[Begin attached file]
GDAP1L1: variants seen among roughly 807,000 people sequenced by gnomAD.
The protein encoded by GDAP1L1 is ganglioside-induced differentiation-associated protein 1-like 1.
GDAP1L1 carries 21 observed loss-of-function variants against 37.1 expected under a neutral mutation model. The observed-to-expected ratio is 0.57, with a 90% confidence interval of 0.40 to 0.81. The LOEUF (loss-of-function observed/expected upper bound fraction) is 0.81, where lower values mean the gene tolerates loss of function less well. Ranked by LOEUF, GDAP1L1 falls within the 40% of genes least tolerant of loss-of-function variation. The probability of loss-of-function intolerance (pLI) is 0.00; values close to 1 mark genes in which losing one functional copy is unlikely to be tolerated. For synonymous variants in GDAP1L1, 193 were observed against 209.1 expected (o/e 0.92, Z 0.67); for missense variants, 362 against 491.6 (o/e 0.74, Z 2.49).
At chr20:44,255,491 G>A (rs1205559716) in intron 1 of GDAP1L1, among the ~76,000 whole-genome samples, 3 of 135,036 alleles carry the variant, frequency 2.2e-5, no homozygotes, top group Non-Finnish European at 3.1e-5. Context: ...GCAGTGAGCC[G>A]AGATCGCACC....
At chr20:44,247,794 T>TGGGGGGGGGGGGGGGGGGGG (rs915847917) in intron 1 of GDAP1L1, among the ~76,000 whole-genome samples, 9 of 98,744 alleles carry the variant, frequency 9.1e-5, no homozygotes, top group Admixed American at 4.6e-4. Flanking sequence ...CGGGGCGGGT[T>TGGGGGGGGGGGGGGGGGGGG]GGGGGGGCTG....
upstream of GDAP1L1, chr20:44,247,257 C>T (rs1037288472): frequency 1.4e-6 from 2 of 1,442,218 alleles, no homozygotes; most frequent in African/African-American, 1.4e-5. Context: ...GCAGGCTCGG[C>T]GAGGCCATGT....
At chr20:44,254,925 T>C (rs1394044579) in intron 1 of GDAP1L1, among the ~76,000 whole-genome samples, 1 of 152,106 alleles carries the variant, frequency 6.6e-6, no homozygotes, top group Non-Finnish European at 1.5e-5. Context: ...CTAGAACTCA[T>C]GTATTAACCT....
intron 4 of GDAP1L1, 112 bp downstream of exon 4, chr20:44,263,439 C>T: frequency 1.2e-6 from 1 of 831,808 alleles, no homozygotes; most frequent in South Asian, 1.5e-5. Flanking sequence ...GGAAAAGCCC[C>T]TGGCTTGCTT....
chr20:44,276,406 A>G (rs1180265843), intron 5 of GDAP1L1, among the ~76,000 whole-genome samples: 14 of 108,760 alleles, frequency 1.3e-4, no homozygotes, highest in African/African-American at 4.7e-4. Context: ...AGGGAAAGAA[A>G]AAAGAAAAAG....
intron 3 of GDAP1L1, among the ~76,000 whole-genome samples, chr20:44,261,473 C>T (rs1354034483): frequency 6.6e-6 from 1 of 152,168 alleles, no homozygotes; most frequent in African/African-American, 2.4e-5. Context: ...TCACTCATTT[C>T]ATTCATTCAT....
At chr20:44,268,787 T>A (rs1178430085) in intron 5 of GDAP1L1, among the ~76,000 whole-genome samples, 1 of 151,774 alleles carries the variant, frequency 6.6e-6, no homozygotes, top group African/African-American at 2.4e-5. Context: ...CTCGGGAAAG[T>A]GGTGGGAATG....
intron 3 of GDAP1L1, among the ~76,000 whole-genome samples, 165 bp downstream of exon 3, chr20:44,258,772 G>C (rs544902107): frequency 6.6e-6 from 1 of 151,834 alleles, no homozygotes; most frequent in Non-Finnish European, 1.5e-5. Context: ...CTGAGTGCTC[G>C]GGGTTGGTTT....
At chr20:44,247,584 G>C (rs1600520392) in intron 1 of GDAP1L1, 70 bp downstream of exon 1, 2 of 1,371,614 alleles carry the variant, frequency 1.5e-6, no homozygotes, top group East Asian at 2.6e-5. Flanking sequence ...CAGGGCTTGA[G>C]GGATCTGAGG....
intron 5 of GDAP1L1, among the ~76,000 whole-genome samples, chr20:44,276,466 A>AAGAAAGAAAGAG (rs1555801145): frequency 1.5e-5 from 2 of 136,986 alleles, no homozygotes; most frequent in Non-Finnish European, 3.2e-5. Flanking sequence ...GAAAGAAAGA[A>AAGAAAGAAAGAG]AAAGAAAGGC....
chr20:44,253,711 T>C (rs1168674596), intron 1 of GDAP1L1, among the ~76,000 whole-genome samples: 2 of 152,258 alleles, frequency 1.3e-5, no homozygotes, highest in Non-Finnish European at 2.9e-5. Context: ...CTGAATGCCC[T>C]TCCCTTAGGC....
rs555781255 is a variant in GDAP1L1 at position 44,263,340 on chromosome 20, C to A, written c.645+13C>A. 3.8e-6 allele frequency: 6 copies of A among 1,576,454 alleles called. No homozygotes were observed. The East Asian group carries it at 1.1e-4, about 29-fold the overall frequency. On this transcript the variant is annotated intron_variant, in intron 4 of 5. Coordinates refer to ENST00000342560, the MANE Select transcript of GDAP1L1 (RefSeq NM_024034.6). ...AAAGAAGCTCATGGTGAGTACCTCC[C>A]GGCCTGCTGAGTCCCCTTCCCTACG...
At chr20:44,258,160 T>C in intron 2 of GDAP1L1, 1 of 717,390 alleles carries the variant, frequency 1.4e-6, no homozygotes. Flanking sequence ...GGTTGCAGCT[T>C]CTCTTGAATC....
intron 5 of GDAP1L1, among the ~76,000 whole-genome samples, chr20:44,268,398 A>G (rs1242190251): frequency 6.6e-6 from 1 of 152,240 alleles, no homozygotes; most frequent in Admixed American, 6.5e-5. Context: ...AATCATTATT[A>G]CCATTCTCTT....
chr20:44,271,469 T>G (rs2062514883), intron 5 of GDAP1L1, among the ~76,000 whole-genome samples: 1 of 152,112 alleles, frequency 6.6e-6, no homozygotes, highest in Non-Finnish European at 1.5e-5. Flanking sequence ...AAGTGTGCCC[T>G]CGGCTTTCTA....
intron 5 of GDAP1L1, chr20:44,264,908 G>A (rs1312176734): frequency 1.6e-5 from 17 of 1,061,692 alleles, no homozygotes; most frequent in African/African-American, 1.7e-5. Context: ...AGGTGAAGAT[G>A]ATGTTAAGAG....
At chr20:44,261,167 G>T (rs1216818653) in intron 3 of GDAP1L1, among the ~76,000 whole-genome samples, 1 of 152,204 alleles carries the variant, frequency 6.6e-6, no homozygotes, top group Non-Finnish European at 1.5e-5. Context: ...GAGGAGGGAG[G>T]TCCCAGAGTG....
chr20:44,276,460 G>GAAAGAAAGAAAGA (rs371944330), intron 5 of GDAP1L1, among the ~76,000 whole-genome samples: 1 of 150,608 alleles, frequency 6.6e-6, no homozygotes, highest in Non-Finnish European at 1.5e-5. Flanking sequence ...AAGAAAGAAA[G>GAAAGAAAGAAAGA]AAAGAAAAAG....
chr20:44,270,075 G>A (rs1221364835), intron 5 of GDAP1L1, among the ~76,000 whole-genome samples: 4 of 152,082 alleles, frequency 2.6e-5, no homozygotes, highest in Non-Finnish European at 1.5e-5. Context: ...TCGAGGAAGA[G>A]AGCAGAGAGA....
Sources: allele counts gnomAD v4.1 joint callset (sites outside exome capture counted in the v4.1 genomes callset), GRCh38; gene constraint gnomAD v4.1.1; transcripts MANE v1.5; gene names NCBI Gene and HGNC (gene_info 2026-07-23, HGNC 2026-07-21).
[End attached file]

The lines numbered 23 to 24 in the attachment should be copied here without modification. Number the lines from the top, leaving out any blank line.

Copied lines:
chr20:44,270,075 G>A (rs1221364835), intron 5 of GDAP1L1, among the ~76,000 whole-genome samples: 4 of 152,082 alleles, frequency 2.6e-5, no homozygotes, highest in Non-Finnish European at 1.5e-5. Context: ...TCGAGGAAGA[G>A]AGCAGAGAGA....
Sources: allele counts gnomAD v4.1 joint callset (sites outside exome capture counted in the v4.1 genomes callset), GRCh38; gene constraint gnomAD v4.1.1; transcripts MANE v1.5; gene names NCBI Gene and HGNC (gene_info 2026-07-23, HGNC 2026-07-21).